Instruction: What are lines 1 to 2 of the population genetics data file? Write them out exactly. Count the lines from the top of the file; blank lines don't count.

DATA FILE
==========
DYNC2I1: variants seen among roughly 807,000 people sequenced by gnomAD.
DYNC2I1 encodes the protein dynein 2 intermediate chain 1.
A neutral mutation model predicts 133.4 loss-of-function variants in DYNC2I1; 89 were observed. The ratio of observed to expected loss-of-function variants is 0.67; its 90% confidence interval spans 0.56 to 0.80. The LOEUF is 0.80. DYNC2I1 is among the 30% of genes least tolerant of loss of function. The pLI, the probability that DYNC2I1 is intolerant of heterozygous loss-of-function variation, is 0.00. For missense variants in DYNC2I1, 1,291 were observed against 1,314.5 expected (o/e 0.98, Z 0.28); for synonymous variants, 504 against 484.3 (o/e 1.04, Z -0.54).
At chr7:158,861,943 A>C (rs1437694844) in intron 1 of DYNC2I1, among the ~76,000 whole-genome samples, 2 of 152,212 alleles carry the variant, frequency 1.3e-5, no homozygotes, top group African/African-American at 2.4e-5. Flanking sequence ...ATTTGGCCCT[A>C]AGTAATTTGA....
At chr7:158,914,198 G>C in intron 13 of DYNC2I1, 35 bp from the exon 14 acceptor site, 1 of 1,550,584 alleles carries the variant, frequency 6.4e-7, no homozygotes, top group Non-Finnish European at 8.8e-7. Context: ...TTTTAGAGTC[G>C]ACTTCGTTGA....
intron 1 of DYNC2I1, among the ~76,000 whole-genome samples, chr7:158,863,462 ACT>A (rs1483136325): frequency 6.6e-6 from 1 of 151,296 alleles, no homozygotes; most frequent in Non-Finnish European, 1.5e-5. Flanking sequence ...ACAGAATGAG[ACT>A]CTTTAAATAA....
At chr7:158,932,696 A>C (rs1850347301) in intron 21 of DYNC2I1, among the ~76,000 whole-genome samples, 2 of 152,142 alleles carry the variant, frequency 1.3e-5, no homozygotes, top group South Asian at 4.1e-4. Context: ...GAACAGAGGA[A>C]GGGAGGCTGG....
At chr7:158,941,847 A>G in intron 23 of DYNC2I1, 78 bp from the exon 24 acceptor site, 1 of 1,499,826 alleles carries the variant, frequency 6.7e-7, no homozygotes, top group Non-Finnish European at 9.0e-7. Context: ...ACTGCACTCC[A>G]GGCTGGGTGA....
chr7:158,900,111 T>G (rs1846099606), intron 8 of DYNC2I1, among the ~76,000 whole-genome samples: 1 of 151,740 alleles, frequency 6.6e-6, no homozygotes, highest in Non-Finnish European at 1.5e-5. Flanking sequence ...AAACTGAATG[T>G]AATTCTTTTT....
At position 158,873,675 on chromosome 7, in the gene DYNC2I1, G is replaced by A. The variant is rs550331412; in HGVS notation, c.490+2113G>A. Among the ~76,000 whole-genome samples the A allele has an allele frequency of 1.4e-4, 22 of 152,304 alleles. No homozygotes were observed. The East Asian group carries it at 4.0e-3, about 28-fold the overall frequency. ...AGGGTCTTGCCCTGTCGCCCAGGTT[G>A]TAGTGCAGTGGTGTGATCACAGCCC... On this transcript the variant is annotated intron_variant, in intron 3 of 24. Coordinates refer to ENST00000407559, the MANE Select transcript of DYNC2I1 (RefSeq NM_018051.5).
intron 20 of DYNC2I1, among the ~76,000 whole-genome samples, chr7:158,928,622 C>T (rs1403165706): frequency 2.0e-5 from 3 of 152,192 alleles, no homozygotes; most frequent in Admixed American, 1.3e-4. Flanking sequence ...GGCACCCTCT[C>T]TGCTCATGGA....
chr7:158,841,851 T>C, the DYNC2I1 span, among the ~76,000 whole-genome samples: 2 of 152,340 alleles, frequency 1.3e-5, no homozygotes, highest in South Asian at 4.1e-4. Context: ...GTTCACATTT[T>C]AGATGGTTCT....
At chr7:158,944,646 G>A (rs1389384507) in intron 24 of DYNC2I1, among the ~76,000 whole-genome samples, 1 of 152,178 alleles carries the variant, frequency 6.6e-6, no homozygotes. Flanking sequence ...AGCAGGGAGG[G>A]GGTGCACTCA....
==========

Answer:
DYNC2I1: variants seen among roughly 807,000 people sequenced by gnomAD.
DYNC2I1 encodes the protein dynein 2 intermediate chain 1.